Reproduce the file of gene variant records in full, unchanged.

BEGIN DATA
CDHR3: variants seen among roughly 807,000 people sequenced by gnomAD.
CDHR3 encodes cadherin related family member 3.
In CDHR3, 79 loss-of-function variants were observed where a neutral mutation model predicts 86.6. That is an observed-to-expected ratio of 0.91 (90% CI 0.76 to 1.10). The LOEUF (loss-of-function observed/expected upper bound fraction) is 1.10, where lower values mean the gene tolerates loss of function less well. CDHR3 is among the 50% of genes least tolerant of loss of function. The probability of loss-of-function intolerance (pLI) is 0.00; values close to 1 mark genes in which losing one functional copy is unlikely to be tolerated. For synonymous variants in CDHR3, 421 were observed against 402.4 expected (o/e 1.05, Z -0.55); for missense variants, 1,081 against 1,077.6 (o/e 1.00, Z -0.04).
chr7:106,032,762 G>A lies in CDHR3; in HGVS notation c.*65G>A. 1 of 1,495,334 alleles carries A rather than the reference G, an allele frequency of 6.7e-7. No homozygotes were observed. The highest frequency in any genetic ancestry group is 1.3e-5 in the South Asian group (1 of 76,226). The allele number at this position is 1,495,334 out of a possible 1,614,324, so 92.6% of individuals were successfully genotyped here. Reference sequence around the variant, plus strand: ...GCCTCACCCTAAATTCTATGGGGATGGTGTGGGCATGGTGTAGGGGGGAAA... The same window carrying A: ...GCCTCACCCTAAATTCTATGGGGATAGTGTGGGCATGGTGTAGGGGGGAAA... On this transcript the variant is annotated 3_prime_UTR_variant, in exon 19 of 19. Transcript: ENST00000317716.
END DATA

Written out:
CDHR3: variants seen among roughly 807,000 people sequenced by gnomAD.
CDHR3 encodes cadherin related family member 3.
In CDHR3, 79 loss-of-function variants were observed where a neutral mutation model predicts 86.6. That is an observed-to-expected ratio of 0.91 (90% CI 0.76 to 1.10). The LOEUF (loss-of-function observed/expected upper bound fraction) is 1.10, where lower values mean the gene tolerates loss of function less well. CDHR3 is among the 50% of genes least tolerant of loss of function. The probability of loss-of-function intolerance (pLI) is 0.00; values close to 1 mark genes in which losing one functional copy is unlikely to be tolerated. For synonymous variants in CDHR3, 421 were observed against 402.4 expected (o/e 1.05, Z -0.55); for missense variants, 1,081 against 1,077.6 (o/e 1.00, Z -0.04).
chr7:106,032,762 G>A lies in CDHR3; in HGVS notation c.*65G>A. 1 of 1,495,334 alleles carries A rather than the reference G, an allele frequency of 6.7e-7. No homozygotes were observed. The highest frequency in any genetic ancestry group is 1.3e-5 in the South Asian group (1 of 76,226). The allele number at this position is 1,495,334 out of a possible 1,614,324, so 92.6% of individuals were successfully genotyped here. Reference sequence around the variant, plus strand: ...GCCTCACCCTAAATTCTATGGGGATGGTGTGGGCATGGTGTAGGGGGGAAA... The same window carrying A: ...GCCTCACCCTAAATTCTATGGGGATAGTGTGGGCATGGTGTAGGGGGGAAA... On this transcript the variant is annotated 3_prime_UTR_variant, in exon 19 of 19. Transcript: ENST00000317716.